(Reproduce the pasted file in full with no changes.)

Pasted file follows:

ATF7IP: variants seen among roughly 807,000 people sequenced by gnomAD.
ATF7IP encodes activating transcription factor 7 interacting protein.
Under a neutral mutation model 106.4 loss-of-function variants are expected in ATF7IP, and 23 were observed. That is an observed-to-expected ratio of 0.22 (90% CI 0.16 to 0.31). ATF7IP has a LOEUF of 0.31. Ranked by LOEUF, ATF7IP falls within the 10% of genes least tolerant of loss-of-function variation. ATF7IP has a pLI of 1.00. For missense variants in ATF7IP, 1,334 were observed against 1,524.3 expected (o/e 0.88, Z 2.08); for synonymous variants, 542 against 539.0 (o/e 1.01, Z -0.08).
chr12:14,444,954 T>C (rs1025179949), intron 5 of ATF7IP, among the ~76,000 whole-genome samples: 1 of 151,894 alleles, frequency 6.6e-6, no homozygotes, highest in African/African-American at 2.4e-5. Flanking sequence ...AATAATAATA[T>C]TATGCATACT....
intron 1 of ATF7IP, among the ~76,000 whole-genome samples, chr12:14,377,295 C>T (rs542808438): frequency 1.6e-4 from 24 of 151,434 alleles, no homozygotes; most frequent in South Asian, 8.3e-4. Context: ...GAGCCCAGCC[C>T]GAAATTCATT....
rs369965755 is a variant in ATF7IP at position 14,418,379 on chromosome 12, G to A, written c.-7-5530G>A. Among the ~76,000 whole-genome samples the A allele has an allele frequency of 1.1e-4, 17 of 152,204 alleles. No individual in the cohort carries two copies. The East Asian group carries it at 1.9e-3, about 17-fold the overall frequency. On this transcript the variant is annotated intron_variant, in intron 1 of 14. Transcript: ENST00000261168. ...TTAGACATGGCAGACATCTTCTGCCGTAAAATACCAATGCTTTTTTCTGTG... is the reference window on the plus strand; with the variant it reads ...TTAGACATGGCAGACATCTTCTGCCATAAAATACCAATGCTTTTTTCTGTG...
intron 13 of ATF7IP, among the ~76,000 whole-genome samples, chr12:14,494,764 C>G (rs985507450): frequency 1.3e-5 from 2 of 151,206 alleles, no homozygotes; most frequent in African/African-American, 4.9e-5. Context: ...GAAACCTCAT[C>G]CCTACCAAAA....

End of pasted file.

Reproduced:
ATF7IP: variants seen among roughly 807,000 people sequenced by gnomAD.
ATF7IP encodes activating transcription factor 7 interacting protein.
Under a neutral mutation model 106.4 loss-of-function variants are expected in ATF7IP, and 23 were observed. That is an observed-to-expected ratio of 0.22 (90% CI 0.16 to 0.31). ATF7IP has a LOEUF of 0.31. Ranked by LOEUF, ATF7IP falls within the 10% of genes least tolerant of loss-of-function variation. ATF7IP has a pLI of 1.00. For missense variants in ATF7IP, 1,334 were observed against 1,524.3 expected (o/e 0.88, Z 2.08); for synonymous variants, 542 against 539.0 (o/e 1.01, Z -0.08).
chr12:14,444,954 T>C (rs1025179949), intron 5 of ATF7IP, among the ~76,000 whole-genome samples: 1 of 151,894 alleles, frequency 6.6e-6, no homozygotes, highest in African/African-American at 2.4e-5. Flanking sequence ...AATAATAATA[T>C]TATGCATACT....
intron 1 of ATF7IP, among the ~76,000 whole-genome samples, chr12:14,377,295 C>T (rs542808438): frequency 1.6e-4 from 24 of 151,434 alleles, no homozygotes; most frequent in South Asian, 8.3e-4. Context: ...GAGCCCAGCC[C>T]GAAATTCATT....
rs369965755 is a variant in ATF7IP at position 14,418,379 on chromosome 12, G to A, written c.-7-5530G>A. Among the ~76,000 whole-genome samples the A allele has an allele frequency of 1.1e-4, 17 of 152,204 alleles. No individual in the cohort carries two copies. The East Asian group carries it at 1.9e-3, about 17-fold the overall frequency. On this transcript the variant is annotated intron_variant, in intron 1 of 14. Transcript: ENST00000261168. ...TTAGACATGGCAGACATCTTCTGCCGTAAAATACCAATGCTTTTTTCTGTG... is the reference window on the plus strand; with the variant it reads ...TTAGACATGGCAGACATCTTCTGCCATAAAATACCAATGCTTTTTTCTGTG...
intron 13 of ATF7IP, among the ~76,000 whole-genome samples, chr12:14,494,764 C>G (rs985507450): frequency 1.3e-5 from 2 of 151,206 alleles, no homozygotes; most frequent in African/African-American, 4.9e-5. Context: ...GAAACCTCAT[C>G]CCTACCAAAA....